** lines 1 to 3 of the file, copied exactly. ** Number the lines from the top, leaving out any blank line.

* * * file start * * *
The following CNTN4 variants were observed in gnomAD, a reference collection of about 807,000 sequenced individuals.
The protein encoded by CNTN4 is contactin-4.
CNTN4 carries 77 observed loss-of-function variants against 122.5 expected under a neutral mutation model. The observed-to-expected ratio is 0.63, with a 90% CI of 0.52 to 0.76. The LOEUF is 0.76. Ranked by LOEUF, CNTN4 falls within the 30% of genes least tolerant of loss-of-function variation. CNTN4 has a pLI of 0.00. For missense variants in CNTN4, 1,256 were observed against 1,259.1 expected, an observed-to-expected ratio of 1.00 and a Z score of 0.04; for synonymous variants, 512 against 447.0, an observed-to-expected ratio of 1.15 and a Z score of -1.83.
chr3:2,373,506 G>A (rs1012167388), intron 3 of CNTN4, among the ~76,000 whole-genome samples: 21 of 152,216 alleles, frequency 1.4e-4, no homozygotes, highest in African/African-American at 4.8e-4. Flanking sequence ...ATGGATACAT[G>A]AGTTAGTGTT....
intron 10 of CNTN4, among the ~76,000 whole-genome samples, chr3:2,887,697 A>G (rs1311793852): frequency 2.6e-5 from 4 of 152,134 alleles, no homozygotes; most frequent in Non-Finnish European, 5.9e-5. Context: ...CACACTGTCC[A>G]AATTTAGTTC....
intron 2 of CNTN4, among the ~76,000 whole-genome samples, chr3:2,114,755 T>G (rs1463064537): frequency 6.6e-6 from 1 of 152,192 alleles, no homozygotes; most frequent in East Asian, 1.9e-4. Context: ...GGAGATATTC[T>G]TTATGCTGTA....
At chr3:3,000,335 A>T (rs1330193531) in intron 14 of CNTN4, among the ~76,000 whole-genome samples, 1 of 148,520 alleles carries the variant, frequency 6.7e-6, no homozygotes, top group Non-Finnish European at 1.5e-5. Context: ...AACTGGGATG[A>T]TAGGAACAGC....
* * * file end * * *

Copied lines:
The following CNTN4 variants were observed in gnomAD, a reference collection of about 807,000 sequenced individuals.
The protein encoded by CNTN4 is contactin-4.
CNTN4 carries 77 observed loss-of-function variants against 122.5 expected under a neutral mutation model. The observed-to-expected ratio is 0.63, with a 90% CI of 0.52 to 0.76. The LOEUF is 0.76. Ranked by LOEUF, CNTN4 falls within the 30% of genes least tolerant of loss-of-function variation. CNTN4 has a pLI of 0.00. For missense variants in CNTN4, 1,256 were observed against 1,259.1 expected, an observed-to-expected ratio of 1.00 and a Z score of 0.04; for synonymous variants, 512 against 447.0, an observed-to-expected ratio of 1.15 and a Z score of -1.83.